Word of the Day: elicit

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Word of the Day: elicit

The word elicit has appeared in 161 articles on NYTimes.com in the past year, including on May 28 in “When Reporters Need a Voice, Sometimes They Ask the Crowd” by Vivian Ewing:

Every day, New York Times reporters knock on doors and make phone calls to find stories. They spend hours, weeks and months on old-fashioned, boots-on-the-ground reporting. But a reader callout — an online form designed to elicit responses from certain people — can do what no other tool in the reporting tool belt can. Like a flier on a bulletin board or an advertisement that asks “Has this happened to you?,” a callout helps reporters reach many more people at once and find just the right source for their story.

Can you correctly use the word elicit in a sentence?

Based on the definition and example provided, write a sentence using today’s Word of the Day and share it as a comment on this article. It is most important that your sentence makes sense and demonstrates that you understand the word’s definition, but we also encourage you to be creative and have fun.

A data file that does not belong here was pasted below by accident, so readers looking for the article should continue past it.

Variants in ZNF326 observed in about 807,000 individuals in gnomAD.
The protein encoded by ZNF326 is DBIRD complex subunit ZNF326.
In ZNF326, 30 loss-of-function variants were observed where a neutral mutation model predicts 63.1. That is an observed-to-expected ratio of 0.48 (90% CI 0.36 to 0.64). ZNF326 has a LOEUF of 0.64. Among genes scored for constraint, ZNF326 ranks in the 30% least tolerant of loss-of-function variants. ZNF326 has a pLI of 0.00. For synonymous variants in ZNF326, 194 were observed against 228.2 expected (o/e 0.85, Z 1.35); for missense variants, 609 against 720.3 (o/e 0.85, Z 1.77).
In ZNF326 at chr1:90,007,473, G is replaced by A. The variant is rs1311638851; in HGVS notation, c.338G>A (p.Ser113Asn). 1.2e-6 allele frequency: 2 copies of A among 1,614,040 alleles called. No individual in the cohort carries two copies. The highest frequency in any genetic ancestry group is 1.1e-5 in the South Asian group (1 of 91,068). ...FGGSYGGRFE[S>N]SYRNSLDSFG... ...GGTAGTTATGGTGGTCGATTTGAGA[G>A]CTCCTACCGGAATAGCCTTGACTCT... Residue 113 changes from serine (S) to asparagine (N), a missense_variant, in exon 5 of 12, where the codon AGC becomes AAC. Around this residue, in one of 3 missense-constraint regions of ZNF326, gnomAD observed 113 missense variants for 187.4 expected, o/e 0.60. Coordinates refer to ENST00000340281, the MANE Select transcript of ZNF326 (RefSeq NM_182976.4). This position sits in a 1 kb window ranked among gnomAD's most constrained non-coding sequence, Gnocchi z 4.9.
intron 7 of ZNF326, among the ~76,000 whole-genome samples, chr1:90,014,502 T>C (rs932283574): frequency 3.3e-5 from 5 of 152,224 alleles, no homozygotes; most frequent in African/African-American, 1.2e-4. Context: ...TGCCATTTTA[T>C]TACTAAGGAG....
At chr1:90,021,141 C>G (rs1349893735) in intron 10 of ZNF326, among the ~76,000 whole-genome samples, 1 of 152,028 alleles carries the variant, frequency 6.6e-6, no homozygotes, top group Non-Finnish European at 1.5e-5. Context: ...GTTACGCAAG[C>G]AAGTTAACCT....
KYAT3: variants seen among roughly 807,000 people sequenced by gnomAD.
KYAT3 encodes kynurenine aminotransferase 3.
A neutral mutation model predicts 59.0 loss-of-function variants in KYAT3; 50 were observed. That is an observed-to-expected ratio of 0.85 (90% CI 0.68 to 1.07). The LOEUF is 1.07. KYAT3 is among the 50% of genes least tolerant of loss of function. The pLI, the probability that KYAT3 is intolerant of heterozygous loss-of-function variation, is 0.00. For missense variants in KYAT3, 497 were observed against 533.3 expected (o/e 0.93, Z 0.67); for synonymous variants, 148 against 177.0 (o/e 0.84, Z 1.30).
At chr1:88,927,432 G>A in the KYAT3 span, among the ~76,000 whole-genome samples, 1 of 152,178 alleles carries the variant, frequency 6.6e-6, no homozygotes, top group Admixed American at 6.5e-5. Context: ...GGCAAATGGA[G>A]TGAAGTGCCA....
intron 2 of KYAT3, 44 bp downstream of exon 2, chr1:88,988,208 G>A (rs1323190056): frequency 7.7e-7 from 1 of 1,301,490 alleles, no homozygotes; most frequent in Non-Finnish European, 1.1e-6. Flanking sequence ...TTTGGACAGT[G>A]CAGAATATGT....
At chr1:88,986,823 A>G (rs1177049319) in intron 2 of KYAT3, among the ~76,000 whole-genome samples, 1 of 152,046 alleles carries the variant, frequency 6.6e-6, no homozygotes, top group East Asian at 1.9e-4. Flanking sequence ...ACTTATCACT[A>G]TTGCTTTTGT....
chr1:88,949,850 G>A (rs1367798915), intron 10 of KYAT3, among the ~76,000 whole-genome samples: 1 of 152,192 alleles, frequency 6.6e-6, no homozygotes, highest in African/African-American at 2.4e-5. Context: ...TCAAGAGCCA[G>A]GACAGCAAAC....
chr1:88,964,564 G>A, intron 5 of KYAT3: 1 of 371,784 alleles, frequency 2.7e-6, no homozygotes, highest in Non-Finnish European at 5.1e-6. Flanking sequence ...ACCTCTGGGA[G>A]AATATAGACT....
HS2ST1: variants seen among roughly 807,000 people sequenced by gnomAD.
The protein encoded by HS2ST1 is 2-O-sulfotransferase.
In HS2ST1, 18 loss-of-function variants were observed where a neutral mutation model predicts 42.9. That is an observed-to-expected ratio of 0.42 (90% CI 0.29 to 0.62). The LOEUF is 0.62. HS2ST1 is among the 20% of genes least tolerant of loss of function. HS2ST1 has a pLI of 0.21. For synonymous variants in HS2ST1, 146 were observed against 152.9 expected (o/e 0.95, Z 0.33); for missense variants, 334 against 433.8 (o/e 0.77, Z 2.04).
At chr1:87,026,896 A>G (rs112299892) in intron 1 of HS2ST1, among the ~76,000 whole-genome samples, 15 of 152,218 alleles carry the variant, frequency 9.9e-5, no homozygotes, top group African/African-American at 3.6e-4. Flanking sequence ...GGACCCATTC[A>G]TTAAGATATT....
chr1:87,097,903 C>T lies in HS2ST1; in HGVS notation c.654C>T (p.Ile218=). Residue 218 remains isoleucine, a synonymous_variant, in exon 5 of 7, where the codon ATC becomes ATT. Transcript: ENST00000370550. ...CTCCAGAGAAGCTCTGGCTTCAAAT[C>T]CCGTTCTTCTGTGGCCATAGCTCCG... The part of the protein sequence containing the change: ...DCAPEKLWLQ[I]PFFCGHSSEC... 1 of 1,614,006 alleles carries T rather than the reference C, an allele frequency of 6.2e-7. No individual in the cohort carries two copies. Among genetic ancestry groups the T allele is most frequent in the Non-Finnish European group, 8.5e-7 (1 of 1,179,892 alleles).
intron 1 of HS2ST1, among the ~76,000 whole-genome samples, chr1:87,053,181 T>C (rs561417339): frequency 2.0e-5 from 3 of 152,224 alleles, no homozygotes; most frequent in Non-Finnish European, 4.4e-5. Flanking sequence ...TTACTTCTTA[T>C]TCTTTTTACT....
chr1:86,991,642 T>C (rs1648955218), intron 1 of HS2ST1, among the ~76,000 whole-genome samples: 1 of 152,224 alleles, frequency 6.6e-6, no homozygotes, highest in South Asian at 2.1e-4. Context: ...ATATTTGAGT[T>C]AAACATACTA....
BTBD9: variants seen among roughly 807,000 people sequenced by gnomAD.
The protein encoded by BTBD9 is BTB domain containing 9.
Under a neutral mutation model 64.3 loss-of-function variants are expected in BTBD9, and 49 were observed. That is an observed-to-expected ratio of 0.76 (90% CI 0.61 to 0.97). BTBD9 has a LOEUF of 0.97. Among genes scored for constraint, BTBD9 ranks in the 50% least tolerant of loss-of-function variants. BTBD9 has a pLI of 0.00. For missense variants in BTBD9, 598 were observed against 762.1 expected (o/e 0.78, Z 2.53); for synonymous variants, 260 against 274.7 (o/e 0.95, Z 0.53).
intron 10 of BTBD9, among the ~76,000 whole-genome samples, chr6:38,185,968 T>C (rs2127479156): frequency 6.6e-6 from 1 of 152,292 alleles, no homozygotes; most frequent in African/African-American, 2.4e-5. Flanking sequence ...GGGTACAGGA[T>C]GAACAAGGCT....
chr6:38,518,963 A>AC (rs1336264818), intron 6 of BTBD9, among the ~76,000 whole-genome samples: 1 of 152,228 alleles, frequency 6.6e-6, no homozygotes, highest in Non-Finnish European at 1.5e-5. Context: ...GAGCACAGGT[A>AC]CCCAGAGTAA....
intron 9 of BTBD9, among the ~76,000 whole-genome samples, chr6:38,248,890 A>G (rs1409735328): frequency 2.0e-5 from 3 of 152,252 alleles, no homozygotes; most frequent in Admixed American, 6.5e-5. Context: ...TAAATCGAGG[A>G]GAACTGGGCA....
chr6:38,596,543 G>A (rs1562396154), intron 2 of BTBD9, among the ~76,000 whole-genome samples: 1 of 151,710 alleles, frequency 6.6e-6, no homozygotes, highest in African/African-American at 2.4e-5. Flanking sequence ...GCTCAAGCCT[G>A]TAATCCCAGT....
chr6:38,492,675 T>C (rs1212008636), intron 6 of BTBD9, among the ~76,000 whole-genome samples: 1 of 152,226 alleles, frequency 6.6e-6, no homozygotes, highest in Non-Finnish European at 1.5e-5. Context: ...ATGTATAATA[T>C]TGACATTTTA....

If you want a better idea of how elicit can be used in a sentence, read these usage examples on Vocabulary.com. You can also visit this guide to learn how to use IPA symbols to show how different words are pronounced.

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The Word of the Day is provided by Vocabulary.com. Learn more and see usage examples across a range of subjects in the Vocabulary.com Dictionary. See every Word of the Day in this column.